Certain types of cancer can be pushed into regression by reactivating the tumour suppressor gene p53, suggest two papers published online by Nature. Although both studies used genetic tricks to achieve their effects, they lend support to the idea that p53-boosting drugs could be a useful form of cancer treatment.
p53, which is mutated or inactivated by other alterations in most human cancers, is one of the most studied genes in cancer. But we still don't know whether established tumours can survive and progress if p53 is re-activated. Groups led by Scott W. Lowe and Tyler Jacks now show that even brief reactivation of endogenous p53 can cause a variety of cancers to completely regress in a handful of animal models.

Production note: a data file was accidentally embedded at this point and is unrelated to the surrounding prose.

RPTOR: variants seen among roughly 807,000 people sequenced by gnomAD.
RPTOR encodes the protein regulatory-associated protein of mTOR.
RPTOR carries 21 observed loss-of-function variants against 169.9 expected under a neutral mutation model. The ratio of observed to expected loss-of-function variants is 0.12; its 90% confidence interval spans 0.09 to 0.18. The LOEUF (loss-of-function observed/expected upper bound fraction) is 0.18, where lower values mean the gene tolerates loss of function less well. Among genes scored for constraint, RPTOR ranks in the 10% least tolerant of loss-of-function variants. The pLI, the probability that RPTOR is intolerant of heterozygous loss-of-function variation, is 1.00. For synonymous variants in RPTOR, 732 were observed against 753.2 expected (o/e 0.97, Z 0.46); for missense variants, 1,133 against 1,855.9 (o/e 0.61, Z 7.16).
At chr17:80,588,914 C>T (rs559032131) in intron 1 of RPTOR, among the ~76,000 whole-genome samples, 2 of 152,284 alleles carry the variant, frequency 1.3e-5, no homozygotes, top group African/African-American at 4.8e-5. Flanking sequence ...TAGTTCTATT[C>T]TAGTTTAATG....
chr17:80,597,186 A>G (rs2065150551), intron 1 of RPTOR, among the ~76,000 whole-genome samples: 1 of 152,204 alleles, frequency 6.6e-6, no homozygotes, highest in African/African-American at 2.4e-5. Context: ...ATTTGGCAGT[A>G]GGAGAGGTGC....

The mechanism of regression appears tumour-specific. Jacks' team find that lymphoma cells are coaxed to commit suicide, whilst sarcoma cells start to senesce. Lowe's team report a novel mechanism in their liver carcinoma model whereby cell senescence appears linked to an innate immune response - certain inflammatory molecules are up-regulated, which then help to clear the cancer cells.
Scott W. Lowe (Cold Spring Harbor Laboratory, NY, USA)
Tyler Jacks (Massachusetts Institute of Technology, Cambridge, MA, USA)
Ronald A. DePinho (Harvard Medical School, Boston, MA, USA)
Abstracts available online:
(C) Nature press release.
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